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Tysabri

Postby bromley » Wed Apr 13, 2005 1:23 am

Harry,

The interpretation of the numbers is of course the key and will, I imagine, be different depending on whether or not you have this disease. For those with this disease, the CRAB drugs reduce the number of relapses by 30ish%, Tysabri reduces the number of relapses by 67ish% (I know these are averages). Tysabri is therefore substanially better at reducing the number of relapses. For those with RR MS such an improvement can make life a little more bearable.

In terms of disability, the difference between Tysabri and the placebo was not so substantial. However, for an MS sufferer, Tysabri offers a small chance of slowing the progression of the disease - small chances are what MS sufferers cling on to.

Tysabri also appeared to reduce the number of lesions. Who knows what this means in terms of disability etc, but I would rather have less lesions on my brain and spinal cord.

Tysabri also had provided an option to daily / weekly injections, and many who took it said that it allowed them to forget their MS for a bit by having monthly infusions.

Of course Tysabri was very expensive and three on the trial died. Who knows what will happen to this treatment in the future. But for a while it offered MS sufferers hope.

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Postby LarryLDN » Wed Apr 13, 2005 3:08 am

Yep Hope. That's what my red bracelet says. H O P E That's what they offered.

I want a pill that I can take every day that costs less than half a cup of coffee that will keep me exacerbation free for years.

Perhaps another new H O P E will come out... we can H O P E it does better than this one did.
-- LarryGC/LarryLDN http://www.larrygc.com/ms
-- My LDN journal http://www.larrygc.com/mystory
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Re: Tysabri

Postby HarryZ » Wed Apr 13, 2005 6:42 am

Bromley,

The interpretation of the numbers is of course the key and will, I imagine, be different depending on whether or not you have this disease. For those with this disease, the CRAB drugs reduce the number of relapses by 30ish%, Tysabri reduces the number of relapses by 67ish% (I know these are averages). Tysabri is therefore substanially better at reducing the number of relapses. For those with RR MS such an improvement can make life a little more bearable.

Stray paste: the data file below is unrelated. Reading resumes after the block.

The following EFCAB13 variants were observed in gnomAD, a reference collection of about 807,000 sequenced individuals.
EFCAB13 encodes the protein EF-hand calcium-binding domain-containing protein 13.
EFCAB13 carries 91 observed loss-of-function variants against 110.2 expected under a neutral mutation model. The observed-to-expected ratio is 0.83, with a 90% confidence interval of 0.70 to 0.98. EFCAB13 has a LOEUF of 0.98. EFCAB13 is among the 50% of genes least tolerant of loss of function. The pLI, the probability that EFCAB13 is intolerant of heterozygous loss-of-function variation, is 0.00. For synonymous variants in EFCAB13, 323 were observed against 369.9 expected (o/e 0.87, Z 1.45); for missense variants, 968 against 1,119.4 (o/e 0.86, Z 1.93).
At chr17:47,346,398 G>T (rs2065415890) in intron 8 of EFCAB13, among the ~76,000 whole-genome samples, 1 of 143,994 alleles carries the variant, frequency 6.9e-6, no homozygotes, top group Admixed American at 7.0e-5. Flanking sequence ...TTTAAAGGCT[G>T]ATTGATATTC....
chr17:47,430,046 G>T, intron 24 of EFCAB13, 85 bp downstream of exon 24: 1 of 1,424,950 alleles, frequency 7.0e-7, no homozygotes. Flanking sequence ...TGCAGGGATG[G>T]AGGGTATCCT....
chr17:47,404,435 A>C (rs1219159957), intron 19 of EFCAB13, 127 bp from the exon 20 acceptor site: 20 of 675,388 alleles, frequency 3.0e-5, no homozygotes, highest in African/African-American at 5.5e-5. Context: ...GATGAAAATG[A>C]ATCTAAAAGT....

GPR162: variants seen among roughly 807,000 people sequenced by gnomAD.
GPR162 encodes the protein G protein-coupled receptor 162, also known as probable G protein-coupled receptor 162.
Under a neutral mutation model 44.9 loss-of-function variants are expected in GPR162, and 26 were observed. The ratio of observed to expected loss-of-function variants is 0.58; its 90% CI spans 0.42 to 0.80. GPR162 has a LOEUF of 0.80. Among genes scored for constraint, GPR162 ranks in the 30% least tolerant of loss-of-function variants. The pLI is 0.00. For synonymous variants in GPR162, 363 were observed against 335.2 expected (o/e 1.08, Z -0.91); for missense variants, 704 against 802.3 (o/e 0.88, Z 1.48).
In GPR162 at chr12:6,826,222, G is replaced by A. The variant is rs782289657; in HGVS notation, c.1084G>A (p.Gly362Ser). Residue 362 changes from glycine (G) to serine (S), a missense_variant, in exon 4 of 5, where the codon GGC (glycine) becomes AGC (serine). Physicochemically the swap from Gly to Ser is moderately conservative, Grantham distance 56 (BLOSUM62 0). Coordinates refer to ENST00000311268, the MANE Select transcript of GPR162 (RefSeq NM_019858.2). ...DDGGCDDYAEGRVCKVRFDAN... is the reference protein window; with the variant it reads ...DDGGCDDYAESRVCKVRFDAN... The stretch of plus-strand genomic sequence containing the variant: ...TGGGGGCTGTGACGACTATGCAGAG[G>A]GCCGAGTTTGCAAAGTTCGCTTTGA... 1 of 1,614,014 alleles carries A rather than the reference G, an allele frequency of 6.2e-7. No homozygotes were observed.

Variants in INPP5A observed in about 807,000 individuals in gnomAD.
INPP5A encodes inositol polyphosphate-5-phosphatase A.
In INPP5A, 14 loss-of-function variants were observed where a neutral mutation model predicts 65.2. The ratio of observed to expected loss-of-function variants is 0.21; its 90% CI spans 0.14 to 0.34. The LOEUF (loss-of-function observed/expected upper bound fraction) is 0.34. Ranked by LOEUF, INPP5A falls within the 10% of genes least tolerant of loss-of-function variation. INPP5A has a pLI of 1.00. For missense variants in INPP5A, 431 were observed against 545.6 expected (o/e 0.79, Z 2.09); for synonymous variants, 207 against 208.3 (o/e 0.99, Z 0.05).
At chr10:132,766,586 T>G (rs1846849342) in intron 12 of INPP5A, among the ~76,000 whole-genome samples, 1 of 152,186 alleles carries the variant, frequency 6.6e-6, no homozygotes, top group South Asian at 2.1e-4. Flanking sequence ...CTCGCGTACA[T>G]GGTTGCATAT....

Yes, I can imagine the different interpretations that will come out of this data. The Brain Talk poster went on to give this info....."As I have argued here, I believe Avonex is the weakest of the interferons. And yet in the Avonex FDA trial, 22% of the Avonex patients progressed versus 35% of the placebo patients. Thus 13% of the Avonex patients benefited over the two years of the trial.

But the Avonex participants were sicker than the Tysabri participants -- as shown by the fact that 6% more of the Avonex trial placebo patients progressed (not sure if the difference was significant).

Based on these numbers, one could certainly make the case that Avonex is as effective as Tysabri in slowing disability progression.

The other numbers are better than seen in the interferon and Copaxone trials, but the bottom line for me is: how effectively does a drug prevent disability? "

So you see that the data must be peer reviewed and many questions asked.

In terms of disability, the difference between Tysabri and the placebo was not so substantial. However, for an MS sufferer, Tysabri offers a small chance of slowing the progression of the disease - small chances are what MS sufferers cling on to.


This supports what my wife's neurologist told me last December about Tysabri and he was conducting the trials at the MS Clinic here. He stated that Tysabri had no impact on the EDSS scores for their patients.

Tysabri also appeared to reduce the number of lesions. Who knows what this means in terms of disability etc, but I would rather have less lesions on my brain and spinal cord.


One of these days they may be able to find a correlation between the MRI lesions and symptoms. Until then it remains a very hit-and-miss exercise.

Of course Tysabri was very expensive and three on the trial died. Who knows what will happen to this treatment in the future. But for a while it offered MS sufferers hope.


If it ever makes it back, it will be under strict testing controls which of course will likely add to the already huge price tag. Unless of course, Biogen/Elan drop the price..an unlikely scenario.

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Postby amelia » Wed Apr 13, 2005 8:47 am